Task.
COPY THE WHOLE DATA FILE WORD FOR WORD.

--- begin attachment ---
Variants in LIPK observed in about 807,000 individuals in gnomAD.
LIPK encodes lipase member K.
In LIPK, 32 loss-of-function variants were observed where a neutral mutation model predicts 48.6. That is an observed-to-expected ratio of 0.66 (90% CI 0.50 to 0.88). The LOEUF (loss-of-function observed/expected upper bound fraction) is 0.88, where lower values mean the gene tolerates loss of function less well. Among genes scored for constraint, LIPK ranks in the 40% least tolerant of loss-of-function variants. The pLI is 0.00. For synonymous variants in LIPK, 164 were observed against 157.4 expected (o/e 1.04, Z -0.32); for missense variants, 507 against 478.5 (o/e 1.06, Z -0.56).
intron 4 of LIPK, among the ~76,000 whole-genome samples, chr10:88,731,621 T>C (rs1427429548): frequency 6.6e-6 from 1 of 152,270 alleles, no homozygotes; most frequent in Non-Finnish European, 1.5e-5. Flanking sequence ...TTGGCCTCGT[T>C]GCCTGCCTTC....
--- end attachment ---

Variants in LIPK observed in about 807,000 individuals in gnomAD.
LIPK encodes lipase member K.
In LIPK, 32 loss-of-function variants were observed where a neutral mutation model predicts 48.6. That is an observed-to-expected ratio of 0.66 (90% CI 0.50 to 0.88). The LOEUF (loss-of-function observed/expected upper bound fraction) is 0.88, where lower values mean the gene tolerates loss of function less well. Among genes scored for constraint, LIPK ranks in the 40% least tolerant of loss-of-function variants. The pLI is 0.00. For synonymous variants in LIPK, 164 were observed against 157.4 expected (o/e 1.04, Z -0.32); for missense variants, 507 against 478.5 (o/e 1.06, Z -0.56).
intron 4 of LIPK, among the ~76,000 whole-genome samples, chr10:88,731,621 T>C (rs1427429548): frequency 6.6e-6 from 1 of 152,270 alleles, no homozygotes; most frequent in Non-Finnish European, 1.5e-5. Flanking sequence ...TTGGCCTCGT[T>C]GCCTGCCTTC....